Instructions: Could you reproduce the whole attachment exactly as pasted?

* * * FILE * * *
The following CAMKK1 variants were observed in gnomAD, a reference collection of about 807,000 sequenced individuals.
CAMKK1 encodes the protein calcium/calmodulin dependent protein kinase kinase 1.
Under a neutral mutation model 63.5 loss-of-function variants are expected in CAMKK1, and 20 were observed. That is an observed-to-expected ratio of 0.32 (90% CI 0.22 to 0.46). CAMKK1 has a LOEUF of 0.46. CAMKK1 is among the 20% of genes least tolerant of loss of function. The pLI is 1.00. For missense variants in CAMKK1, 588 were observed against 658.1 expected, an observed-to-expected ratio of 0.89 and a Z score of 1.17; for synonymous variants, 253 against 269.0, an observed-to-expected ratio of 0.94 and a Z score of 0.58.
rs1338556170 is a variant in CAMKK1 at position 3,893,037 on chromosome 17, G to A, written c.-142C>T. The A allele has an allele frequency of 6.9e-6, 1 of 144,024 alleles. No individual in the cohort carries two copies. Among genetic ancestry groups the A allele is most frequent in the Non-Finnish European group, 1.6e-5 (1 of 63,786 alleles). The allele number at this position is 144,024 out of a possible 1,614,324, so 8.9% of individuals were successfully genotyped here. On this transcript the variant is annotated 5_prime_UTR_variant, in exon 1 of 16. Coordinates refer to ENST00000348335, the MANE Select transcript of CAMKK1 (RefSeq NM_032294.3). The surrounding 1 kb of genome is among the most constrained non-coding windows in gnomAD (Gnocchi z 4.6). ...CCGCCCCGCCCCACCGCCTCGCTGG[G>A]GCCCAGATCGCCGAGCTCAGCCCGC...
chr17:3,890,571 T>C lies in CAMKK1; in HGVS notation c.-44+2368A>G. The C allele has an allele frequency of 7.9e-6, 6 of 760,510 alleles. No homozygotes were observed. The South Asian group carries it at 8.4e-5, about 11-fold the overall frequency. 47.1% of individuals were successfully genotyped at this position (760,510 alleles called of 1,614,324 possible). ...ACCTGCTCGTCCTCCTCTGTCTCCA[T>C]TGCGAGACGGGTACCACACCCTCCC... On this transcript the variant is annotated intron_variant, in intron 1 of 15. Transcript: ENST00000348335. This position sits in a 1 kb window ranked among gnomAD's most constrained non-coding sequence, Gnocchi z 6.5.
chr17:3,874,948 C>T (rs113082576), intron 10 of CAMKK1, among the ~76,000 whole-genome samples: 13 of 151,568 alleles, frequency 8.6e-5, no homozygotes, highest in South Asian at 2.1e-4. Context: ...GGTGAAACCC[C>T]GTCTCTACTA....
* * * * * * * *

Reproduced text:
The following CAMKK1 variants were observed in gnomAD, a reference collection of about 807,000 sequenced individuals.
CAMKK1 encodes the protein calcium/calmodulin dependent protein kinase kinase 1.
Under a neutral mutation model 63.5 loss-of-function variants are expected in CAMKK1, and 20 were observed. That is an observed-to-expected ratio of 0.32 (90% CI 0.22 to 0.46). CAMKK1 has a LOEUF of 0.46. CAMKK1 is among the 20% of genes least tolerant of loss of function. The pLI is 1.00. For missense variants in CAMKK1, 588 were observed against 658.1 expected, an observed-to-expected ratio of 0.89 and a Z score of 1.17; for synonymous variants, 253 against 269.0, an observed-to-expected ratio of 0.94 and a Z score of 0.58.
rs1338556170 is a variant in CAMKK1 at position 3,893,037 on chromosome 17, G to A, written c.-142C>T. The A allele has an allele frequency of 6.9e-6, 1 of 144,024 alleles. No individual in the cohort carries two copies. Among genetic ancestry groups the A allele is most frequent in the Non-Finnish European group, 1.6e-5 (1 of 63,786 alleles). The allele number at this position is 144,024 out of a possible 1,614,324, so 8.9% of individuals were successfully genotyped here. On this transcript the variant is annotated 5_prime_UTR_variant, in exon 1 of 16. Coordinates refer to ENST00000348335, the MANE Select transcript of CAMKK1 (RefSeq NM_032294.3). The surrounding 1 kb of genome is among the most constrained non-coding windows in gnomAD (Gnocchi z 4.6). ...CCGCCCCGCCCCACCGCCTCGCTGG[G>A]GCCCAGATCGCCGAGCTCAGCCCGC...
chr17:3,890,571 T>C lies in CAMKK1; in HGVS notation c.-44+2368A>G. The C allele has an allele frequency of 7.9e-6, 6 of 760,510 alleles. No homozygotes were observed. The South Asian group carries it at 8.4e-5, about 11-fold the overall frequency. 47.1% of individuals were successfully genotyped at this position (760,510 alleles called of 1,614,324 possible). ...ACCTGCTCGTCCTCCTCTGTCTCCA[T>C]TGCGAGACGGGTACCACACCCTCCC... On this transcript the variant is annotated intron_variant, in intron 1 of 15. Transcript: ENST00000348335. This position sits in a 1 kb window ranked among gnomAD's most constrained non-coding sequence, Gnocchi z 6.5.
chr17:3,874,948 C>T (rs113082576), intron 10 of CAMKK1, among the ~76,000 whole-genome samples: 13 of 151,568 alleles, frequency 8.6e-5, no homozygotes, highest in South Asian at 2.1e-4. Context: ...GGTGAAACCC[C>T]GTCTCTACTA....